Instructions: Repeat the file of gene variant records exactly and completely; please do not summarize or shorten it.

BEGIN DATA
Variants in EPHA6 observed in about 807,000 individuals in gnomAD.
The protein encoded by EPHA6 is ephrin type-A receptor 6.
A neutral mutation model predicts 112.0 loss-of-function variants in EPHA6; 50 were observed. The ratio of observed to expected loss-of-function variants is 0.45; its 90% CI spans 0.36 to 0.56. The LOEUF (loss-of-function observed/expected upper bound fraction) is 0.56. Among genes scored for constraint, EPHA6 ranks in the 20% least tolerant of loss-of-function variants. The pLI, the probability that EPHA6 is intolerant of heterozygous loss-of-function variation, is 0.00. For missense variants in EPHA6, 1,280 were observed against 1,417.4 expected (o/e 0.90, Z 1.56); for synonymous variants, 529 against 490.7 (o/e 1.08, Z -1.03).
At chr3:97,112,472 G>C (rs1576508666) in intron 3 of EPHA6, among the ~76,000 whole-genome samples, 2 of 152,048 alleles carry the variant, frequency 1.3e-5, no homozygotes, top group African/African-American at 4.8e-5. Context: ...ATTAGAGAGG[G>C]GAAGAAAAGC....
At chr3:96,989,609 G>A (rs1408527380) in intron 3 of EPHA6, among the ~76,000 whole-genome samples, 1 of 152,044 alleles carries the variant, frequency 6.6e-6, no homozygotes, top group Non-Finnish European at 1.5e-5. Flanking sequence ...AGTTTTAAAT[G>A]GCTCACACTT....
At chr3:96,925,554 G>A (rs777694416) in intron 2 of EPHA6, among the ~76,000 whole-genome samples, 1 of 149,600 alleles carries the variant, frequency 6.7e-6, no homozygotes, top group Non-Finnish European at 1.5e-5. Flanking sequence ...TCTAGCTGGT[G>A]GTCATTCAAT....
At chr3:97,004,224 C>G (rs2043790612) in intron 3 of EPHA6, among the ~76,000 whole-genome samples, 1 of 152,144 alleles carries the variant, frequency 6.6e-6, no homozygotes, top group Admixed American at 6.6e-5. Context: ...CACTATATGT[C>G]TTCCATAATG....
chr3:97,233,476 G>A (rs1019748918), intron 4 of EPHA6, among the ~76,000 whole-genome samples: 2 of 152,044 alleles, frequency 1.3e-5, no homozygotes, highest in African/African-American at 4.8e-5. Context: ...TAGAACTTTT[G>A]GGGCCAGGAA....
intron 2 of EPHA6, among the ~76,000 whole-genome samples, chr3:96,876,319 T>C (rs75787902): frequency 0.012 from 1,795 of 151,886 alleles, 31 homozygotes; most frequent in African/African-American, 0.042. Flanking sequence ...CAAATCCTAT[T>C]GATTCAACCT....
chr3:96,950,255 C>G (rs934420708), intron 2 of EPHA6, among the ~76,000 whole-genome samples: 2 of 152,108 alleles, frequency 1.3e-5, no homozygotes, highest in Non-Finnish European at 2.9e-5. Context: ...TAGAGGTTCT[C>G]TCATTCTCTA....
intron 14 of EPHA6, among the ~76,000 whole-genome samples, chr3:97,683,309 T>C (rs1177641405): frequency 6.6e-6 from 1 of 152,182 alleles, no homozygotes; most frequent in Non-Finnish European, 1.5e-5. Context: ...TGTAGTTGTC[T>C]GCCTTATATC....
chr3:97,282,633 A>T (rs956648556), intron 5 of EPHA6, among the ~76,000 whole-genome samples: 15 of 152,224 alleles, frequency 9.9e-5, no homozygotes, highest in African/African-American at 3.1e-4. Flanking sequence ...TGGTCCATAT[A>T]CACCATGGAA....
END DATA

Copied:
Variants in EPHA6 observed in about 807,000 individuals in gnomAD.
The protein encoded by EPHA6 is ephrin type-A receptor 6.
A neutral mutation model predicts 112.0 loss-of-function variants in EPHA6; 50 were observed. The ratio of observed to expected loss-of-function variants is 0.45; its 90% CI spans 0.36 to 0.56. The LOEUF (loss-of-function observed/expected upper bound fraction) is 0.56. Among genes scored for constraint, EPHA6 ranks in the 20% least tolerant of loss-of-function variants. The pLI, the probability that EPHA6 is intolerant of heterozygous loss-of-function variation, is 0.00. For missense variants in EPHA6, 1,280 were observed against 1,417.4 expected (o/e 0.90, Z 1.56); for synonymous variants, 529 against 490.7 (o/e 1.08, Z -1.03).
At chr3:97,112,472 G>C (rs1576508666) in intron 3 of EPHA6, among the ~76,000 whole-genome samples, 2 of 152,048 alleles carry the variant, frequency 1.3e-5, no homozygotes, top group African/African-American at 4.8e-5. Context: ...ATTAGAGAGG[G>C]GAAGAAAAGC....
At chr3:96,989,609 G>A (rs1408527380) in intron 3 of EPHA6, among the ~76,000 whole-genome samples, 1 of 152,044 alleles carries the variant, frequency 6.6e-6, no homozygotes, top group Non-Finnish European at 1.5e-5. Flanking sequence ...AGTTTTAAAT[G>A]GCTCACACTT....
At chr3:96,925,554 G>A (rs777694416) in intron 2 of EPHA6, among the ~76,000 whole-genome samples, 1 of 149,600 alleles carries the variant, frequency 6.7e-6, no homozygotes, top group Non-Finnish European at 1.5e-5. Flanking sequence ...TCTAGCTGGT[G>A]GTCATTCAAT....
At chr3:97,004,224 C>G (rs2043790612) in intron 3 of EPHA6, among the ~76,000 whole-genome samples, 1 of 152,144 alleles carries the variant, frequency 6.6e-6, no homozygotes, top group Admixed American at 6.6e-5. Context: ...CACTATATGT[C>G]TTCCATAATG....
chr3:97,233,476 G>A (rs1019748918), intron 4 of EPHA6, among the ~76,000 whole-genome samples: 2 of 152,044 alleles, frequency 1.3e-5, no homozygotes, highest in African/African-American at 4.8e-5. Context: ...TAGAACTTTT[G>A]GGGCCAGGAA....
intron 2 of EPHA6, among the ~76,000 whole-genome samples, chr3:96,876,319 T>C (rs75787902): frequency 0.012 from 1,795 of 151,886 alleles, 31 homozygotes; most frequent in African/African-American, 0.042. Flanking sequence ...CAAATCCTAT[T>C]GATTCAACCT....
chr3:96,950,255 C>G (rs934420708), intron 2 of EPHA6, among the ~76,000 whole-genome samples: 2 of 152,108 alleles, frequency 1.3e-5, no homozygotes, highest in Non-Finnish European at 2.9e-5. Context: ...TAGAGGTTCT[C>G]TCATTCTCTA....
intron 14 of EPHA6, among the ~76,000 whole-genome samples, chr3:97,683,309 T>C (rs1177641405): frequency 6.6e-6 from 1 of 152,182 alleles, no homozygotes; most frequent in Non-Finnish European, 1.5e-5. Context: ...TGTAGTTGTC[T>C]GCCTTATATC....
chr3:97,282,633 A>T (rs956648556), intron 5 of EPHA6, among the ~76,000 whole-genome samples: 15 of 152,224 alleles, frequency 9.9e-5, no homozygotes, highest in African/African-American at 3.1e-4. Flanking sequence ...TGGTCCATAT[A>T]CACCATGGAA....